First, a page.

Document Type

Technical Report

Publication Date



While hydrocarbon exploration and extraction in the Arctic ebbs and flows, reduced sea ice has opened new travel routes across the Arctic. The opening of the Northwest Passage has allowed larger ships (including oil tankers) and higher traffic into remote regions. More ice loss is expected in the future. With this comes the potential for hydrocarbon spills. To quantify the ecosystem impacts of a spill in the Alaska North Slope region, an Ecospace model using the Ecopath with Ecosim software was developed. We highlight the impacts of four potential hydrocarbon contamination scenarios: a subsurface crude oil pipeline release, a surface platform oil spill, a surface cruise ship diesel spill, and a surface tanker oil spill. Hydrocarbon contamination was modeled using SIMAP (Spill Impact Model Analysis Package), which was developed from the oil fate sub-model in the Natural Resource Damage Assessment Model for the U.S. Department of the Interior and under the Comprehensive Environmental Response, Compensation and Liability Act of 1980 (CERCLA). Spatial-temporal SIMAP results were coupled to the Ecospace model. We show that in all four hydrocarbon contamination scenarios there are spatial changes in harvested species resulting in long-term declines in harvest levels for the communities within the model area (Nuiqsut, Kaktovik, and Barrow Alaska), depending on the severity of the scenario. Responses to hydrocarbon events are likely to be slow in the Arctic; limited by the ice-free season. We highlight this area for scenario testing as ecological impacts are also an issue of food security to the local communities, and a human health issue.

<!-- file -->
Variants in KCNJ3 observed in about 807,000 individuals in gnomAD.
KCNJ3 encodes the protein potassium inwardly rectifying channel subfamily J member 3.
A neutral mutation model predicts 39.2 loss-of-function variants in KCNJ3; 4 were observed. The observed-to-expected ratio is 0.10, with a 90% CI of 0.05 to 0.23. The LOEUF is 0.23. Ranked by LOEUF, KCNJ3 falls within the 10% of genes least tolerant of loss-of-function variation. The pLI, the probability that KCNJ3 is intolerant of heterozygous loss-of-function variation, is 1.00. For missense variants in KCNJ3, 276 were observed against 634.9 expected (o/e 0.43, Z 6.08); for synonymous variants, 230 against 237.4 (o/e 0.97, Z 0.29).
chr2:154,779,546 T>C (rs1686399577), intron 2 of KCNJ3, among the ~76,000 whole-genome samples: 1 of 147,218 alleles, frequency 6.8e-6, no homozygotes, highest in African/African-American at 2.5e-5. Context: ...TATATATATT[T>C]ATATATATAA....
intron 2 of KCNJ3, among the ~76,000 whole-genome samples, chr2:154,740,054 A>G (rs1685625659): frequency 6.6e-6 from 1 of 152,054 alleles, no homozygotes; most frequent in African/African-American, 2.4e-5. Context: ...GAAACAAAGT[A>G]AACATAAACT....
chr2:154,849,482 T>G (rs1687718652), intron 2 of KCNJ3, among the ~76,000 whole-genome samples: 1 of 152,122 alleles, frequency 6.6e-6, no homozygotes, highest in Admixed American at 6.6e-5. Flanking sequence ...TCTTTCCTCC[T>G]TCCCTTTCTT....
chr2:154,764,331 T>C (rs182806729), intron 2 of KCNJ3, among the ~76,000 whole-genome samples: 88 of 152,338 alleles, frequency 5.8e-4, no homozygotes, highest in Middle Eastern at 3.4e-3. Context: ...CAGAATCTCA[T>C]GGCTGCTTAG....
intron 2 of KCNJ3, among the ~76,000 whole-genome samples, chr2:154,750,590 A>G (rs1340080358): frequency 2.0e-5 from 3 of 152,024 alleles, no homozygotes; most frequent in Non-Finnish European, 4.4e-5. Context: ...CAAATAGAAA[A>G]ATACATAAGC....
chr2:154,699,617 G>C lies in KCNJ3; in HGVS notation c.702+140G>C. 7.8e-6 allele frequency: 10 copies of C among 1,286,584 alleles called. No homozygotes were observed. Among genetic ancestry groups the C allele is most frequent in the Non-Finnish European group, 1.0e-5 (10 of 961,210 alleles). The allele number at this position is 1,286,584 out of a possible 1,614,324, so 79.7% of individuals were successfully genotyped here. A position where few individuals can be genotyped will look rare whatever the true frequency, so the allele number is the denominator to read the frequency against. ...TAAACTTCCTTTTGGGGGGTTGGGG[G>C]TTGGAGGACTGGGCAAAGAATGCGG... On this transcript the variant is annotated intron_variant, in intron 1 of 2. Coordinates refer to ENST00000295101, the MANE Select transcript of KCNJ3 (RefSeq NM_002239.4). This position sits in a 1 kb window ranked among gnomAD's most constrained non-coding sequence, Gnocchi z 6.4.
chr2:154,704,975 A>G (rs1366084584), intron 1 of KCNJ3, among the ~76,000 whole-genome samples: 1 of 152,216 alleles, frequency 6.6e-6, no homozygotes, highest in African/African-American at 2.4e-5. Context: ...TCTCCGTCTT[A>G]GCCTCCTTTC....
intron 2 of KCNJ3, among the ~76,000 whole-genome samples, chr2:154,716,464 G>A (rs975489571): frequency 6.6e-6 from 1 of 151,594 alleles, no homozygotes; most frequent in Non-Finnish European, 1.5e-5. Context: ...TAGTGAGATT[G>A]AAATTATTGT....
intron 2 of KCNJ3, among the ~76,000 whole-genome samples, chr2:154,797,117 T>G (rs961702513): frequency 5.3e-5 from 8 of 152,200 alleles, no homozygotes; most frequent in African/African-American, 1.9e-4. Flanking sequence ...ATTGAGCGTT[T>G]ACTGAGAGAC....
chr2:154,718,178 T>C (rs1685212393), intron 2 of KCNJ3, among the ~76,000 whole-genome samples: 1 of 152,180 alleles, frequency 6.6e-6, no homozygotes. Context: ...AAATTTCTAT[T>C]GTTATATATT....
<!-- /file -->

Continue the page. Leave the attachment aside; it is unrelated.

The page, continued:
Was this content written or created while at USF?


Citation / Publisher Attribution

Ecological and Indigenous Community Impacts of Oil Spill Mortality in Alaskan Marine Ecosystems, 59 p.